Run (also known as Pulau Run, Pulo Run, Puloroon, or Rhun) is one of the smallest islands of the Banda Islands, which are a part of Moluccas, Indonesia. It is about 3 kilometres (1.9 mi) long and less than 1 kilometre (0.62 mi) wide. According to historian John Keay, Run is comparable in its significance in the history of the English overseas possessions as Runnymede is to British constitutional history.
In the 17th century, Run was of great economic importance because of the value of the spices nutmeg and mace which are obtained from the nutmeg tree (Myristica fragrans), once found exclusively in the Banda Islands of which Run is one. During the history of the spice trade, sailors of the English East India Company of the second expedition of James Lancaster, John Davis, Sir Henry Middleton and his brother John who stayed in Bantam on Java, first reached the island in 1603 and developed good contacts with the inhabitants.
On December 25, 1616, Captain Nathaniel Courthope reached Run to defend it against the claims of the Dutch East India Company. A contract with the inhabitants was signed, accepting James I of England as sovereign of the island. After four years of siege by the Dutch and the death of Nathaniel Courthope in an attack in 1620, the English and their local allies departed the island.
According to the Treaty of Westminster ending the First Anglo-Dutch War of 1652–1654, Run should have been returned to England. The first attempt in 1660 failed because of formal constraints by the Dutch; after the second attempt in 1665 the English traders were expelled in the same year, and the Dutch destroyed the nutmeg trees.
After the Second Anglo-Dutch War of 1665–1667, England and the United Provinces of the Netherlands agreed in the Treaty of Breda to the status quo: The English kept the island of Manhattan, which the Duke of York (the future James II, brother of Charles II), had occupied in 1664, renaming the city on that island from New Amsterdam to New York. In return Run was formally abandoned to the Dutch. The Dutch monopoly on nutmeg and mace was destroyed by the transfer of nutmeg trees to Ceylon, Grenada, Singapore and other British colonies in 1817, after the capture of the main island, Bandalontor, in 1810 by Captain Cole, leading to the decline of the Dutch supremacy in the spice trade. There are, however, still nutmeg trees growing on Run today.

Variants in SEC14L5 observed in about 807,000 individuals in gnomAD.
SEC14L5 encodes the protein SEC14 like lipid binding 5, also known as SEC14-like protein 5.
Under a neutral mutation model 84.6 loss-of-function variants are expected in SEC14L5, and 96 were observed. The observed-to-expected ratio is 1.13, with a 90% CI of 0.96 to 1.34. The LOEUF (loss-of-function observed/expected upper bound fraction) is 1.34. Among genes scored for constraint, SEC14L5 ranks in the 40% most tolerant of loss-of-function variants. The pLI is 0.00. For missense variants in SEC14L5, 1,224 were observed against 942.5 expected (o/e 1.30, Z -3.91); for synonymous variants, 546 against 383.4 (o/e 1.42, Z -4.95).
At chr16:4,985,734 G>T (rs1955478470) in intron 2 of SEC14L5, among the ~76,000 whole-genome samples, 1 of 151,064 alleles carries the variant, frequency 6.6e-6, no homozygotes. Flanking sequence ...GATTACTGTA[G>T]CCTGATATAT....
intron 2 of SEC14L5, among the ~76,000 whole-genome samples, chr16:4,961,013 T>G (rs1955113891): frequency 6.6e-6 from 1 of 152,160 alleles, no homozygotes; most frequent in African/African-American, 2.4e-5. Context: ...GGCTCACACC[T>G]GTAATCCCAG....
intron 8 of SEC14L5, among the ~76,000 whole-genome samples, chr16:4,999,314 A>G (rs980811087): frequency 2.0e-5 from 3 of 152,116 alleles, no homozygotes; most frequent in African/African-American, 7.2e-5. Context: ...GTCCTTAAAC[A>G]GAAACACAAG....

- The Spice Trail: 2, Nutmeg and Cloves (spelt Rhun on the map and also in subtitles)
- Keay 2010, p. 1.
- Amitav Ghosh (December 30, 2016). "What Nutmeg Can Tell Us About Nafta". New York Times.
- Ratnikas, Algirdas J. "Timeline Indonesia". Timelines.ws. Archived from the original on July 10, 2010. Retrieved 2010-08-12.
- Dotschkal, Janna (June 22, 2015). "The Spice Trade's Forgotten Island". National Geographic (magazine).
- Milton, Giles (1999). Nathaniel's Nutmeg (reissue, illustrated ed.). Penguin Books. ISBN 978-0-14-029260-2. OCLC 44871451.
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